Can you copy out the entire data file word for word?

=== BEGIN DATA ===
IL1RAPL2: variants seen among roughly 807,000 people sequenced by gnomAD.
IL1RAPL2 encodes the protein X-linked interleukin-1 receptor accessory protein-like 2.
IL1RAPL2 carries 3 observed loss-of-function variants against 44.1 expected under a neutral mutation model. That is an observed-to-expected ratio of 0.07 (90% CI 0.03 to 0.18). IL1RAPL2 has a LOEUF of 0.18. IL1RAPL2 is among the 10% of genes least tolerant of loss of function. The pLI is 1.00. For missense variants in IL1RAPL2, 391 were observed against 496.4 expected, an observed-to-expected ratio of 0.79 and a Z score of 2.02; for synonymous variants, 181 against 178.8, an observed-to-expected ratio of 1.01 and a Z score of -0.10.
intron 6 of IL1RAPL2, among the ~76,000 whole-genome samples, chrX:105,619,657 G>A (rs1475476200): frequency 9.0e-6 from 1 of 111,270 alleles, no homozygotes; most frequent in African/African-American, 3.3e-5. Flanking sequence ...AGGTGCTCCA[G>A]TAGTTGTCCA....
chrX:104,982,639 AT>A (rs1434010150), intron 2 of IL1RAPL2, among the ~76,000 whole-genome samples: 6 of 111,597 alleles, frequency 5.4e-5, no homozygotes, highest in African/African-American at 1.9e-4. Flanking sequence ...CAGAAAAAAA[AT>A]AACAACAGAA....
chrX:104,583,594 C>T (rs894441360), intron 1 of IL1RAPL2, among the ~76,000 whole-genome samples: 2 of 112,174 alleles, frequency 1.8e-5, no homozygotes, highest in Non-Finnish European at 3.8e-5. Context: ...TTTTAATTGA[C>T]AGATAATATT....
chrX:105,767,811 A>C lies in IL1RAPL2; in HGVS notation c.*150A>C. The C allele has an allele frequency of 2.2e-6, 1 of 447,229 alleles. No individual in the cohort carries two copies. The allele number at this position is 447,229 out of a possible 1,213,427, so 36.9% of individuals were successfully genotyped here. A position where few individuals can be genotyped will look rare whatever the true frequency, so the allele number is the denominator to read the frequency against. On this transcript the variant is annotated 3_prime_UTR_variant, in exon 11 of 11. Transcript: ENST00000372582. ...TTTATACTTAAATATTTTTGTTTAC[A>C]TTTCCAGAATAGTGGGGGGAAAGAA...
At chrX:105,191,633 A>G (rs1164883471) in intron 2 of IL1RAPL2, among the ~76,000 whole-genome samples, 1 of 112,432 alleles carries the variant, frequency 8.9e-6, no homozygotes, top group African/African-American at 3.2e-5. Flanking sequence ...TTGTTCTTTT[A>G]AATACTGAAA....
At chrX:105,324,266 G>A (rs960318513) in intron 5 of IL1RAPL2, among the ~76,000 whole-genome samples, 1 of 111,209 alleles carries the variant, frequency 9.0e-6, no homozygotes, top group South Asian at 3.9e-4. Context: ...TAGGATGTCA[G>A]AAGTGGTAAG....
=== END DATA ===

IL1RAPL2: variants seen among roughly 807,000 people sequenced by gnomAD.
IL1RAPL2 encodes the protein X-linked interleukin-1 receptor accessory protein-like 2.
IL1RAPL2 carries 3 observed loss-of-function variants against 44.1 expected under a neutral mutation model. That is an observed-to-expected ratio of 0.07 (90% CI 0.03 to 0.18). IL1RAPL2 has a LOEUF of 0.18. IL1RAPL2 is among the 10% of genes least tolerant of loss of function. The pLI is 1.00. For missense variants in IL1RAPL2, 391 were observed against 496.4 expected, an observed-to-expected ratio of 0.79 and a Z score of 2.02; for synonymous variants, 181 against 178.8, an observed-to-expected ratio of 1.01 and a Z score of -0.10.
intron 6 of IL1RAPL2, among the ~76,000 whole-genome samples, chrX:105,619,657 G>A (rs1475476200): frequency 9.0e-6 from 1 of 111,270 alleles, no homozygotes; most frequent in African/African-American, 3.3e-5. Flanking sequence ...AGGTGCTCCA[G>A]TAGTTGTCCA....
chrX:104,982,639 AT>A (rs1434010150), intron 2 of IL1RAPL2, among the ~76,000 whole-genome samples: 6 of 111,597 alleles, frequency 5.4e-5, no homozygotes, highest in African/African-American at 1.9e-4. Flanking sequence ...CAGAAAAAAA[AT>A]AACAACAGAA....
chrX:104,583,594 C>T (rs894441360), intron 1 of IL1RAPL2, among the ~76,000 whole-genome samples: 2 of 112,174 alleles, frequency 1.8e-5, no homozygotes, highest in Non-Finnish European at 3.8e-5. Context: ...TTTTAATTGA[C>T]AGATAATATT....
chrX:105,767,811 A>C lies in IL1RAPL2; in HGVS notation c.*150A>C. The C allele has an allele frequency of 2.2e-6, 1 of 447,229 alleles. No individual in the cohort carries two copies. The allele number at this position is 447,229 out of a possible 1,213,427, so 36.9% of individuals were successfully genotyped here. A position where few individuals can be genotyped will look rare whatever the true frequency, so the allele number is the denominator to read the frequency against. On this transcript the variant is annotated 3_prime_UTR_variant, in exon 11 of 11. Transcript: ENST00000372582. ...TTTATACTTAAATATTTTTGTTTAC[A>C]TTTCCAGAATAGTGGGGGGAAAGAA...
At chrX:105,191,633 A>G (rs1164883471) in intron 2 of IL1RAPL2, among the ~76,000 whole-genome samples, 1 of 112,432 alleles carries the variant, frequency 8.9e-6, no homozygotes, top group African/African-American at 3.2e-5. Flanking sequence ...TTGTTCTTTT[A>G]AATACTGAAA....
At chrX:105,324,266 G>A (rs960318513) in intron 5 of IL1RAPL2, among the ~76,000 whole-genome samples, 1 of 111,209 alleles carries the variant, frequency 9.0e-6, no homozygotes, top group South Asian at 3.9e-4. Context: ...TAGGATGTCA[G>A]AAGTGGTAAG....